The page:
Different Fireplaces

The first thing you need as a firewood burner is a fireplace. Fireplaces can be found for sale from various retailers, usually those related to hearth products.

In order to make sure everything goes smooth with your fireplace purchase, keep the following tips in mind:

1) Get a proper measurement of the space where you’re going to be putting your fireplace.

2) There are a few different types of fireplaces to choose from. Some have a more traditional log-cabinet look, while others look like sheet-metal and resemble the stove in your kitchen. Some come with custom tiles and/or handrails, as well as other useful accessories such as screens and grates. These are items you may or may not want to buy for your fireplace, so make sure you take note of any extras that may come with the unit.

3) Installation is relatively straightforward. If you’re considering getting someone else to do it for you, be sure they have experience installing fireplaces in both homes and businesses.

4) Once your fireplace is installed, the first thing you’ll want to do is ensure it’s level. The last thing you want is for one side of your enclosure to be higher than another.

5) After leveling the firebox, make sure you properly seal all seams and connections with a high-temperature caulk designed for fireplaces.

6) A good practice for your fireplace is to install a screen in front of it to keep embers from flying out and burning carpeting or other delicate materials you may have in your home. While screens are useful, many people choose not to use them. It’s entirely up to you whether or not they’re worth the hassle of having to clean up after each fire.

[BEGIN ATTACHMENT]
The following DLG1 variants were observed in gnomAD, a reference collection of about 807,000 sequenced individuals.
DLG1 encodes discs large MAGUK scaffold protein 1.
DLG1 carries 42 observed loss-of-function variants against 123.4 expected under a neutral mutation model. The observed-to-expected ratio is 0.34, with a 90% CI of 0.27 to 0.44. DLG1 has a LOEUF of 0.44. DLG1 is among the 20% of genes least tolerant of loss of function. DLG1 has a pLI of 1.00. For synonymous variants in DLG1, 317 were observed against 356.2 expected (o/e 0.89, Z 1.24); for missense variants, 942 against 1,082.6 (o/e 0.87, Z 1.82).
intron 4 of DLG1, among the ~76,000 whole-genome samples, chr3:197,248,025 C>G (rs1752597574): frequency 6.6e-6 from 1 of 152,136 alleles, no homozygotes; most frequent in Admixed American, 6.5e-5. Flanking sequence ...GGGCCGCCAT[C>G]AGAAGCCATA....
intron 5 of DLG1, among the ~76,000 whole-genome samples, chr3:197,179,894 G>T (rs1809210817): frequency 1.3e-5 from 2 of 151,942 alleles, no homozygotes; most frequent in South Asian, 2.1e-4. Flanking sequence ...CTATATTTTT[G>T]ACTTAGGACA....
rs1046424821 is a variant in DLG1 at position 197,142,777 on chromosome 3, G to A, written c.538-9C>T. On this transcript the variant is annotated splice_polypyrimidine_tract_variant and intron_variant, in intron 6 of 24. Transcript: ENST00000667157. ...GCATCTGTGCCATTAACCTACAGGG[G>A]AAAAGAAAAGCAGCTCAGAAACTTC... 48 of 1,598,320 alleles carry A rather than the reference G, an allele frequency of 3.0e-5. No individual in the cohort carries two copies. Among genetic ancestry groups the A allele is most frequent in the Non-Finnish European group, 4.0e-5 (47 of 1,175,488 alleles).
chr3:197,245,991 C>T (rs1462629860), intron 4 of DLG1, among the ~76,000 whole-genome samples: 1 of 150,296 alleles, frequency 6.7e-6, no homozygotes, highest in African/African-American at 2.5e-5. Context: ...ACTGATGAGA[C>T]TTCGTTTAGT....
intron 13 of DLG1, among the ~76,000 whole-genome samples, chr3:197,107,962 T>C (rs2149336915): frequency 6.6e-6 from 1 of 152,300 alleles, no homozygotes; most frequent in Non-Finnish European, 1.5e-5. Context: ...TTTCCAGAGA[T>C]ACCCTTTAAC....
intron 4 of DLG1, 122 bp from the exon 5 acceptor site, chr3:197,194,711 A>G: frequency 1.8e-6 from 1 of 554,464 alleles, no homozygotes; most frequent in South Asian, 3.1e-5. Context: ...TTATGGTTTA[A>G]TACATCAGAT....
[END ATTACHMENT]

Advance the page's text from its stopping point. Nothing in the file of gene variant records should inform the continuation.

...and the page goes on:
7) After you’ve used your fireplace for awhile, soot will build up on the walls of the enclosure. This is especially true if you burn pine or other resinous wood. If this happens, don’t try to remove it with a wet rag or anything that’s water-based; these products can cause stains to form on the surface of your enclosure. Instead, use a product designed for cleaning up after wood fires.

8) The most important rule in burning wood is “burn dry.” You should never burn any kind of wet or green firewood because it will cause creosote buildup in the chimney. Creosote is highly flammable and can ignite at any time. (pipefiks.no)

9) The best way to prevent creosote buildup is to have your chimney smoke-checked on a regular basis. A professional can use an inspection mirror or smoke tube to check for loose mortar in the flue, cracks in the bricks, etc. Have your chimney checked at least once a year. (https://pipefiks.no/piperehabilitering/)

10) Clean out your fireplace regularly to prevent embers from building up in the enclosure. Embers are another source of creosote, so make sure you clean them out either by scooping them away with a shovel or using an oversized fireplace brush that has flexible bristles to sweep the ashes into a metal bucket. (https://www.pipefiks.no/tjenester/staalpiper)

11) If you prefer not to clean out your fireplace yourself, you can always hire a professional chimney sweep to do it for you. A good chimney sweep will also be able to recommend other ways to keep creosote from building up in your flue, such as having a heat exchanger installed.

12) Finally – and this is important – don’t ever leave your fireplace unattended. Even if it’s just for a few minutes, you should never leave the house with your chimney still burning. This includes not just wood-burning fireplaces but gas log inserts as well.